A European example of related party disclosures omitted from interim financial statements
Here’s another of the issues arising from extracts of enforcement decisions issued in the past by the European Securities and Markets Authority (ESMA) (for more background see here); this is from their 13th edition:
- “The issuer manufactures industrial metals. One major shareholder owned 64% of its shares. The ‘other financial assets’ balance increased significantly during the first quarter of 2011 and totalled 17% of equity, however the issuer provided no explanation about the change in other financial assets in its interim financial statements as at March 31 2011.
- Other financial assets included the shares of company B, which were bought in January 2011. The transaction resulted from a decision by the issuer’s board of directors to invest excess cash in shares. At the same time it was decided that the issuer would enter into an option contract with its major shareholder, who was also the chairman of the board of directors, allowing the issuer to sell the shares of company B for the same price as it had bought them in January 2011. This provided protection against the risk of the share price subsequently decreasing.
- The option contract stated that the issuer could sell company B’s shares to its major shareholder at any time it chose during the contract term, until the end of April 2011. As the price of shares of company B decreased during spring 2011, the issuer decided to sell these shares to its major shareholder based on the option contract. The sale took place on April 13, 2011 at a price considerably higher than the market price at the date of the sale. As the shares were sold at the same price as they were bought, the transaction had no impact on the net profit of the issuer. The issuer did not include any related party disclosures in its March 2011 interim financial statements.”
The enforcer (as ESMA likes to term it) disagreed with this non-disclosure. The report doesn’t have much to say about why it disagreed though, beyond citing IAS 34.15, which includes “related party transactions” in a list of “events and transactions for which disclosures would be required (in an interim financial report) if they are significant” and the general disclosure requirements of IAS 24. One might conclude actually that if this is the best available example to illustrate the importance of related party disclosures, then maybe they’re not worth worrying about.
After all, the mechanism described here is one in which the issuer apparently remained entitled to any gains arising on the shares, while being protected against any losses. If the statements had disclosed the arrangement at March 31, 2011, as the enforcer concluded they should have, then this would indeed have drawn attention to a respect in which (citing IAS 24.1) the issuer’s financial position has been affected by the existence of related parties. But to put it blandly, it’s an entirely benign, positive kind of affect, and it’s impossible to see how the existence of the arrangement would have influenced a user’s decisions about anything. I mean, the fact of 64% of the company being controlled by a single shareholder would presumably already be amply clear from the public record, so anyone who invests in the entity should be aware that to a great extent they’re putting their faith in this individual. ESMA made sure here that investors received a nice story about how their faith was repaid (at least this once), but (without wanting to deny the virtues of even-handed regulation) it would be a more compelling anecdote if it illustrated an incident in which it wasn’t.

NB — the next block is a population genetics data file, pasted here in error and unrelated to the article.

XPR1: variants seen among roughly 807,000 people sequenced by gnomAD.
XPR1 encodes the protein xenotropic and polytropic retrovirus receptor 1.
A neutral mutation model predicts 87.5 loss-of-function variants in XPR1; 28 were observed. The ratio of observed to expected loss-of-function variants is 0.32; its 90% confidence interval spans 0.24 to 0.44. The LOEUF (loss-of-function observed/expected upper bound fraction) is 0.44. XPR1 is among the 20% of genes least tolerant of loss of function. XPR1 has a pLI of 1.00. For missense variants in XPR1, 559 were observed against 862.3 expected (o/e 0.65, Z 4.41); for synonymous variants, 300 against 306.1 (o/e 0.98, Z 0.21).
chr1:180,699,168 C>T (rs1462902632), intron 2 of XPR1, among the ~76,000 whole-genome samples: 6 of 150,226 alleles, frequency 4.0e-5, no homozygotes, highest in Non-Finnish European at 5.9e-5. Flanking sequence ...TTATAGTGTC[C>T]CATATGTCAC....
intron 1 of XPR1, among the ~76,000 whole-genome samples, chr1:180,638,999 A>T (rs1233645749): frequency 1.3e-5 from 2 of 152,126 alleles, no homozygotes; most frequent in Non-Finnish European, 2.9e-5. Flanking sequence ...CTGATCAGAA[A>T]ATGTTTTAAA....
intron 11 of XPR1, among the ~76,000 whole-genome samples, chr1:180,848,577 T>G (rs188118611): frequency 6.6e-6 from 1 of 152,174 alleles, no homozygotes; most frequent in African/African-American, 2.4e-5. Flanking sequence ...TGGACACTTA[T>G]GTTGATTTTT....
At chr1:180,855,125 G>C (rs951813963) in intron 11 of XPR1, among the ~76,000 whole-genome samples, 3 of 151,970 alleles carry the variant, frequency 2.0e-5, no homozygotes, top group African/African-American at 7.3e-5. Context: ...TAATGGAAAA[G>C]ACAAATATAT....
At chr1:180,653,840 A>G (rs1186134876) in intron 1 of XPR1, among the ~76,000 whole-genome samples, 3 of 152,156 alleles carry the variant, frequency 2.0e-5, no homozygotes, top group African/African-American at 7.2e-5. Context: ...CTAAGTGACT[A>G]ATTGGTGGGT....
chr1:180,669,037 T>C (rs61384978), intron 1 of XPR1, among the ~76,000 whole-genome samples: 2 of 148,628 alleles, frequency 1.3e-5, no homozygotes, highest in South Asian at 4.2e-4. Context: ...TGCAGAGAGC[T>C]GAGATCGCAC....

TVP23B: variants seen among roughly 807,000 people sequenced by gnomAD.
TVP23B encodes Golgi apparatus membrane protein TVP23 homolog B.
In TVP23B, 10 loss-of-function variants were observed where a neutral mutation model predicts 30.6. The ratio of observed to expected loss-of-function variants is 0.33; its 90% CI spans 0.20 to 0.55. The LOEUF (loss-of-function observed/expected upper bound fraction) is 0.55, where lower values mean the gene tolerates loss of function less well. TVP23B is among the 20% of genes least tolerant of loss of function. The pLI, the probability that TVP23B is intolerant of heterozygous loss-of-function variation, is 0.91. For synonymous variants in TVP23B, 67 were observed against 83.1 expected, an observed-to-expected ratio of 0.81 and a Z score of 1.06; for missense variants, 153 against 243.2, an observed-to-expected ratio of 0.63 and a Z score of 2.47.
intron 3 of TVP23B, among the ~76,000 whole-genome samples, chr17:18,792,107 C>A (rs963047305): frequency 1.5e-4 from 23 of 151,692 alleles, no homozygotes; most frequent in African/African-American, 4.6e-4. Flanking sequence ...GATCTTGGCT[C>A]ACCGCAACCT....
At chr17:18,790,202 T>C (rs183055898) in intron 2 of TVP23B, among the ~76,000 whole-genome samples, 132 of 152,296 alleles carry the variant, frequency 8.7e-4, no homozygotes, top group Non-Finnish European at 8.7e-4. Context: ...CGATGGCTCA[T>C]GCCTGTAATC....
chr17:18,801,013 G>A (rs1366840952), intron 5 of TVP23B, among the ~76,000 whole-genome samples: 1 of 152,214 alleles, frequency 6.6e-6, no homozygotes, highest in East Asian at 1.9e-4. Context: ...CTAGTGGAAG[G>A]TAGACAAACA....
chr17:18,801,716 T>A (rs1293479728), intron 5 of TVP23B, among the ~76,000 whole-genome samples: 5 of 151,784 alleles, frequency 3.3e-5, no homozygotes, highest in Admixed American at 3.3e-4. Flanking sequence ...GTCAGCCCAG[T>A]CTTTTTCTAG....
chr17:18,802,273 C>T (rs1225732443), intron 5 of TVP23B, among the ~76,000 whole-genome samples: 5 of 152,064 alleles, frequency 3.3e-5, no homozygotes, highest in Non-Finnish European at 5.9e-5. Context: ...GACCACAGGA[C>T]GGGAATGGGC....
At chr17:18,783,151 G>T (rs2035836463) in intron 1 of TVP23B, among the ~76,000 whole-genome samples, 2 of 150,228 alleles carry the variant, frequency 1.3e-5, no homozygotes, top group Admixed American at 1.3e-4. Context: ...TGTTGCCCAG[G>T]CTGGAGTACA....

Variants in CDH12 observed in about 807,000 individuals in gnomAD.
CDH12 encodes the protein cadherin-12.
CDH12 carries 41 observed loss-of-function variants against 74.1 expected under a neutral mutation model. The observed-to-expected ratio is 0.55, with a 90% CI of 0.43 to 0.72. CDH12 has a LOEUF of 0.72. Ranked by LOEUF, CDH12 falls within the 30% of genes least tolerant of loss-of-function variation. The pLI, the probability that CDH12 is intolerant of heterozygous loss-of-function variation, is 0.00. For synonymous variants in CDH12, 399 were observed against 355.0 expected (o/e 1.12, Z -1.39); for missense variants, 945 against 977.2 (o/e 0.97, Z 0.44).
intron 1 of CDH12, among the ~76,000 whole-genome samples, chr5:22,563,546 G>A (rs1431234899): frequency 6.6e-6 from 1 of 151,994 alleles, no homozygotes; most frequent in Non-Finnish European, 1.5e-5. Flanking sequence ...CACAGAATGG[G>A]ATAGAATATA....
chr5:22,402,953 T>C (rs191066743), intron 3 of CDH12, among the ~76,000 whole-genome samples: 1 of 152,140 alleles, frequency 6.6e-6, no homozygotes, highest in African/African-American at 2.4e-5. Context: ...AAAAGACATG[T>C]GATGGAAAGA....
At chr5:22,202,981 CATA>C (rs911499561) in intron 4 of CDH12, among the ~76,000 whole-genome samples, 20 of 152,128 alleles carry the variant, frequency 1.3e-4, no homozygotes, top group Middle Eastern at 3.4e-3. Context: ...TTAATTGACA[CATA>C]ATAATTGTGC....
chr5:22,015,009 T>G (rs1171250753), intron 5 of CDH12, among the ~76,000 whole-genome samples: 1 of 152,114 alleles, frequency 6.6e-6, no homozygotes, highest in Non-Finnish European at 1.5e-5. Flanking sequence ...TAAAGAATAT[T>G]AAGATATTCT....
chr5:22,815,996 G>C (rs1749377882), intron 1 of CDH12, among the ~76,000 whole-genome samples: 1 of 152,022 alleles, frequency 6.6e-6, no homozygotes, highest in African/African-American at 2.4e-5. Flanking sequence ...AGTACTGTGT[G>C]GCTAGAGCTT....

Actually, the report doesn’t seem interested in the most interesting aspect of all this, namely the accounting treatment for the arrangement, including whether the ultimate sale wouldn’t have been better reported as a loss in the income statement, and a corresponding contribution to equity by the shareholder. Anyway, at least ESMA gives us a situation that provides something to think about (even if not the same thoughts they may have intended). Most related party disclosures, in contrast, really don’t prompt much engagement at all. The great majority of the information they provide flows from transactions such as payments to law firms or other organizations in which a director or a member of senior management is a partner or officer. Of course, it’s entirely true that the related party aspect of these arrangements may have affected profit or loss, by imposing or facilitating a pricing structure different from what would likely have been negotiated with non-related parties. But since the financial statements provide no basis for even vaguely speculating on whether that actually was the case, or on whether it worked to the issuer’s favour or detriment, it’s impossible to see what users can generally do with the information other than shrug and move on.
The opinions expressed are solely those of the author